The missing sink - quantification, categorisation and sourcing of beached macro-debris in the Scottish Orkney Islands

J. Buckingham, A. Capper, M. Bell

Research output: Contribution to journalArticle

1 Citation (Scopus)

Abstract

Around the coastline of the UK, macro-debris has been observed in average densities of over 700 items per metre. Systematic beach-cleans were conducted at 35 sites around the Scottish Orkney Islands, in order to quantify and categorise the level of marine debris found there. Litter was collected from 100 m transects and categorised by its material, broad source (terrestrial or marine) and potential sector source. Variation between sites, and the relative contribution of pre-determined environmental variables in influencing said variation, were analysed using the “capscale” function for a canonical analysis of principle coordinates (CAP). 513 items/m were observed, (77% plastic), with “String/cord (<1cm diameter)” being the most abundant and widely distributed litter type. 47% of macro-debris was attributed to the fishing sector and < 10% to leisure, living and tourism-associated activities. Conversely, the unique regional hydrodynamics must be examined further, before the source of any given item can be categorically assigned.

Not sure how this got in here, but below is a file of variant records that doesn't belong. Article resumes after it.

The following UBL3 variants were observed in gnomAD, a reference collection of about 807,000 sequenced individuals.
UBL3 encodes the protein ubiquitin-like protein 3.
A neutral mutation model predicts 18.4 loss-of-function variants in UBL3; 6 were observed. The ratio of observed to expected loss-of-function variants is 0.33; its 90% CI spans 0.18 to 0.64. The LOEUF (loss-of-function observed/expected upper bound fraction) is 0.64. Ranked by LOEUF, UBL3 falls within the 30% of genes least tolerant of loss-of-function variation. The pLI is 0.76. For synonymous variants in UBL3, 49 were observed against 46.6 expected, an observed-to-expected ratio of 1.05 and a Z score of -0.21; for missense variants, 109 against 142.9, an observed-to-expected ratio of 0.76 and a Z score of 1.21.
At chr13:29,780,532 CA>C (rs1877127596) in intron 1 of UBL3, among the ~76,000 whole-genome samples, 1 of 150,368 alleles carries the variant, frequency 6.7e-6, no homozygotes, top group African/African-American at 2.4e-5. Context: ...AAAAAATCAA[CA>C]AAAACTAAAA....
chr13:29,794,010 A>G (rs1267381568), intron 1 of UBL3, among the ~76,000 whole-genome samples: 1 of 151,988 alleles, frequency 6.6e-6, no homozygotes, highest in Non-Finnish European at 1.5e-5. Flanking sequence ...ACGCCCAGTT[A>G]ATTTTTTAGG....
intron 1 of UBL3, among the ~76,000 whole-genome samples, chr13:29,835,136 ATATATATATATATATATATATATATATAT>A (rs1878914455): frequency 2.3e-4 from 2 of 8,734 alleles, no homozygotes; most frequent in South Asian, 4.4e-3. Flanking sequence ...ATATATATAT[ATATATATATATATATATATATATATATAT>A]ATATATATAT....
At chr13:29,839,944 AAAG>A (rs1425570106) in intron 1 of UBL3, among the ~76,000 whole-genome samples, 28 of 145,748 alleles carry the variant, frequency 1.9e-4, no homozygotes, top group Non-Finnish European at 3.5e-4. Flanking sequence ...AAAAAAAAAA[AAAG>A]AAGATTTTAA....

Original languageEnglish
Article number111364
JournalMarine Pollution Bulletin
Volume157
Early online date17 Jun 2020
DOIs
Publication statusPublished - Aug 2020

Keywords

  • Environmental contamination
  • Litter categorisation
  • Macro-debris
  • Marine debris
  • Orkney Islands
  • Plastic pollution

ASJC Scopus subject areas

  • Oceanography
  • Aquatic Science
  • Pollution

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